In the movie "Love Actually," a widowed father, played by Liam Neeson, asks his morose grade-school son what’s bothering him. Is it his mother’s death? Problems at school? Bullies?
"You really want to know?" answers the boy. "Well, truth is — actually — I’m in love." His father is surprised but expresses relief that it’s not "something worse." The son fixes him with a look of disbelief: "Worse than the total agony of being in love?"
Prepubescent boys aren’t supposed to be tormented by romance, and neither are their adolescent brothers. Popular culture fosters an image of teenage males as shallower than a plasma TV, with little interest in the opposite sex beyond meaningless hookups. We often see them as goatish slaves to their hormones, or as predators eager to exploit the emotional vulnerability of girls.
Some of them no doubt aspire to be cold-hearted players, but not as many as you might think. At least that’s the conclusion of Bowling Green State University sociologists Peggy Giordano, Monica Longmore and Wendy Manning, who took the trouble to ask high school boys to reveal their feelings about romance and got some surprising answers.
This is a mission whose difficulty cannot be overstated. As the father of two college men (as well as a high school girl), I can attest that trying to find out what is going on in the minds, much less hearts, of young males can be like trying to liberate gold from Fort Knox. A casual observer might surmise that the only times their emotions are stirred are when the highlights start on "SportsCenter."
But through a combination of computer questionnaires and personal interviews, the three sociologists managed to elicit a good deal of truth-telling about intimate matters. The key finding is that boys place as much importance on romance as girls, though they feel less confident navigating it. They apparently are also just as likely to get all soft and gooey on the subject.
"Boys and girls report similar feelings of love" in a relationship, the authors note in an American Sociological Review article, and those feelings don’t hinge on having sex. Beneath the bulletproof manner they affect, a lot of young males have hearts made of cotton candy.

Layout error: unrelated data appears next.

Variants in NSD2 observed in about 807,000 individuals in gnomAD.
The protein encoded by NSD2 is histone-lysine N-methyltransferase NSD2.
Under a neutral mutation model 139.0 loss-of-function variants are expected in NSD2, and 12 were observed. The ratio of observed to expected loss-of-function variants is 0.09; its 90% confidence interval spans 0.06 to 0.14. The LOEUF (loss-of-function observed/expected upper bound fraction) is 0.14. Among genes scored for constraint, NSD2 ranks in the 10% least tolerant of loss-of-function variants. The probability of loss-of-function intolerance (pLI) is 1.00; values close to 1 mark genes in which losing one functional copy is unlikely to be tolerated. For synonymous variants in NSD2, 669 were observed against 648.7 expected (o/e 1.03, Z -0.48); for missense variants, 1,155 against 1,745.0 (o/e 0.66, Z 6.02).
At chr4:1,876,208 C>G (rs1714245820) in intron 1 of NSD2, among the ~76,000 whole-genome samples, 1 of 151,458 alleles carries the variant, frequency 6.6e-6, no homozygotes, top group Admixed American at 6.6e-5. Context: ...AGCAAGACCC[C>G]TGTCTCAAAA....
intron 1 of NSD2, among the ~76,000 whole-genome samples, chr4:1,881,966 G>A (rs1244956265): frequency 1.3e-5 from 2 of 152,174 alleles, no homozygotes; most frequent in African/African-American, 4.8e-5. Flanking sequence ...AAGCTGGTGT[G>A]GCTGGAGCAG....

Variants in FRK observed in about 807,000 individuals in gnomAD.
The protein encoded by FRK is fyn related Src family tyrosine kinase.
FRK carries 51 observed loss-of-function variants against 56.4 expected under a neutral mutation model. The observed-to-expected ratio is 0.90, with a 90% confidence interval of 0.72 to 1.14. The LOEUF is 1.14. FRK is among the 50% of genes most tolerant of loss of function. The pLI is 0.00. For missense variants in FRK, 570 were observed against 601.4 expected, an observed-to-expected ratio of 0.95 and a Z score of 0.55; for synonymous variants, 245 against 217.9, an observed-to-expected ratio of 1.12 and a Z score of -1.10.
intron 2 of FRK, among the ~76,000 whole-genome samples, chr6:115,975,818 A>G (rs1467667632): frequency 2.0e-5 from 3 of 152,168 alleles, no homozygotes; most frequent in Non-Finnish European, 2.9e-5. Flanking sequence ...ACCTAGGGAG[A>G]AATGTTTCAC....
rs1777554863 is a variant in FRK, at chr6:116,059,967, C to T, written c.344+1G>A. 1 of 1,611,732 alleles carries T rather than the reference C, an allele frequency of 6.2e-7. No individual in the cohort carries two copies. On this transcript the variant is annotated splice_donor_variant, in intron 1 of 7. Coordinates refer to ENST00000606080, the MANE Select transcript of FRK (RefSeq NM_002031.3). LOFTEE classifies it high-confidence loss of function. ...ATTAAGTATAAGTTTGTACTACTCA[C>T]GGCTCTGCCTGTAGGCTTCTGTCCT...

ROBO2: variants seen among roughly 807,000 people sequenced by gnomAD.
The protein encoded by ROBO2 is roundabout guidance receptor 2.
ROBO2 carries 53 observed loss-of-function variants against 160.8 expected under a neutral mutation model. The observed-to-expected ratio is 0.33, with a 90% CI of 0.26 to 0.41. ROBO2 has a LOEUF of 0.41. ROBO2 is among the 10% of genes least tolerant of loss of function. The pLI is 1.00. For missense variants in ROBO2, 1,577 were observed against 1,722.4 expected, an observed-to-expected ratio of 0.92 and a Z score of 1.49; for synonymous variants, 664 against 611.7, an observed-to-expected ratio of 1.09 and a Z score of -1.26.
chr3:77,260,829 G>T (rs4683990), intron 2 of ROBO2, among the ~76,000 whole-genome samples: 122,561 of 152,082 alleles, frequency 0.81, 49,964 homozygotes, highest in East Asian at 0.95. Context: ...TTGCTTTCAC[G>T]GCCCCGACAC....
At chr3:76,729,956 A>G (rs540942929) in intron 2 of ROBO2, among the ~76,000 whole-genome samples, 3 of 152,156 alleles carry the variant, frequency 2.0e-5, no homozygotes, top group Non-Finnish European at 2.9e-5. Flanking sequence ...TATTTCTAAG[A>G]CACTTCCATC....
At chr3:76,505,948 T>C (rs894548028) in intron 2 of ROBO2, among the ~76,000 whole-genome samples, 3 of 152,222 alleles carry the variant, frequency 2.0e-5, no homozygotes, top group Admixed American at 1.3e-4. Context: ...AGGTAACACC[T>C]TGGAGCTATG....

In interviews, guys said things like, "Every time I was around her I couldn’t talk, I was getting butterflies in my stomach," and "I wouldn’t want to live without Jenny," and "I ain’t never, like, felt that way about somebody." One boy recounting a breakup confessed, "I wrote her a letter, front and back, crying the whole time, and then I handed the letter to her the next morning." Another filled up 74 pages recounting his romantic history.
What do these boys value most about their girlfriends? Not their toned midriffs. The interviewers got such responses as, "It was like I could talk to her and she could talk to me," and "She always comforted me when I needed a hug."
These are not the sort of lines you hear in movies aimed at this particular demographic segment, which tend to be heavy on explosions, grossout humor and airborne serpents. But having once been an adolescent male, I can attest that high school boys can fall prey to romantic impulses that would make Anna Karenina look about as passionate as Alan Greenspan. And my experiences as a father don’t make me doubt the findings, either.
But wait a minute — aren’t these hearty young males, raised in our overly sexualized culture, supposed to be perpetually on the prowl for fleeting conquests in the back seat of a car? In fact, fewer than half of male high school students have lost their virginity. The number of womanizers, Giordano told Time magazine, is "smaller than everybody believes."
Some guys take pride in resisting the pressure to behave that way. "I rather focus on one girl than a whole bunch because I don’t think that I’m some player or something," one said. Few boys, however, are inclined to share the hearts-and-flowers stuff with their buddies, fearing they are the only ones cursed with tender feelings.
They may be wise to guard their inner lives. But they, and we, should take heart knowing that even in an age of sexual liberation, what makes the world go around, still, is love.